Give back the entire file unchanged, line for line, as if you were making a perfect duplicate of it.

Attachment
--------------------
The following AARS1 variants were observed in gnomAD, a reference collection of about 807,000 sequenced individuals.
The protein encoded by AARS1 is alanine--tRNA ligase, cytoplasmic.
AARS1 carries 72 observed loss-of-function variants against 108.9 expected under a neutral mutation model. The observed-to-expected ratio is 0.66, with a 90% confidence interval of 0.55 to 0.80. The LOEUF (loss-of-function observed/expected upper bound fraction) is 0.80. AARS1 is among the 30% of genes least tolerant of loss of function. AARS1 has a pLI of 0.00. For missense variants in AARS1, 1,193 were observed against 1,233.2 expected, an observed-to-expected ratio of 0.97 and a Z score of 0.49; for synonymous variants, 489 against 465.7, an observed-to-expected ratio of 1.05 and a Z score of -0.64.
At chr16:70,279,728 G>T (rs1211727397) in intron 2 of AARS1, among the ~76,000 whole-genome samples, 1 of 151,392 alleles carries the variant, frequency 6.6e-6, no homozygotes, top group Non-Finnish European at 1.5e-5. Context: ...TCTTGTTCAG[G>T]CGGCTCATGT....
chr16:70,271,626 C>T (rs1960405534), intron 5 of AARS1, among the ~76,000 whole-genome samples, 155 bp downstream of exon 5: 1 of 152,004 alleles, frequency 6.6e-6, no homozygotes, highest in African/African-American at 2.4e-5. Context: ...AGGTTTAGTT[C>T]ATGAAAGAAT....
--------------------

The following AARS1 variants were observed in gnomAD, a reference collection of about 807,000 sequenced individuals.
The protein encoded by AARS1 is alanine--tRNA ligase, cytoplasmic.
AARS1 carries 72 observed loss-of-function variants against 108.9 expected under a neutral mutation model. The observed-to-expected ratio is 0.66, with a 90% confidence interval of 0.55 to 0.80. The LOEUF (loss-of-function observed/expected upper bound fraction) is 0.80. AARS1 is among the 30% of genes least tolerant of loss of function. AARS1 has a pLI of 0.00. For missense variants in AARS1, 1,193 were observed against 1,233.2 expected, an observed-to-expected ratio of 0.97 and a Z score of 0.49; for synonymous variants, 489 against 465.7, an observed-to-expected ratio of 1.05 and a Z score of -0.64.
At chr16:70,279,728 G>T (rs1211727397) in intron 2 of AARS1, among the ~76,000 whole-genome samples, 1 of 151,392 alleles carries the variant, frequency 6.6e-6, no homozygotes, top group Non-Finnish European at 1.5e-5. Context: ...TCTTGTTCAG[G>T]CGGCTCATGT....
chr16:70,271,626 C>T (rs1960405534), intron 5 of AARS1, among the ~76,000 whole-genome samples, 155 bp downstream of exon 5: 1 of 152,004 alleles, frequency 6.6e-6, no homozygotes, highest in African/African-American at 2.4e-5. Context: ...AGGTTTAGTT[C>T]ATGAAAGAAT....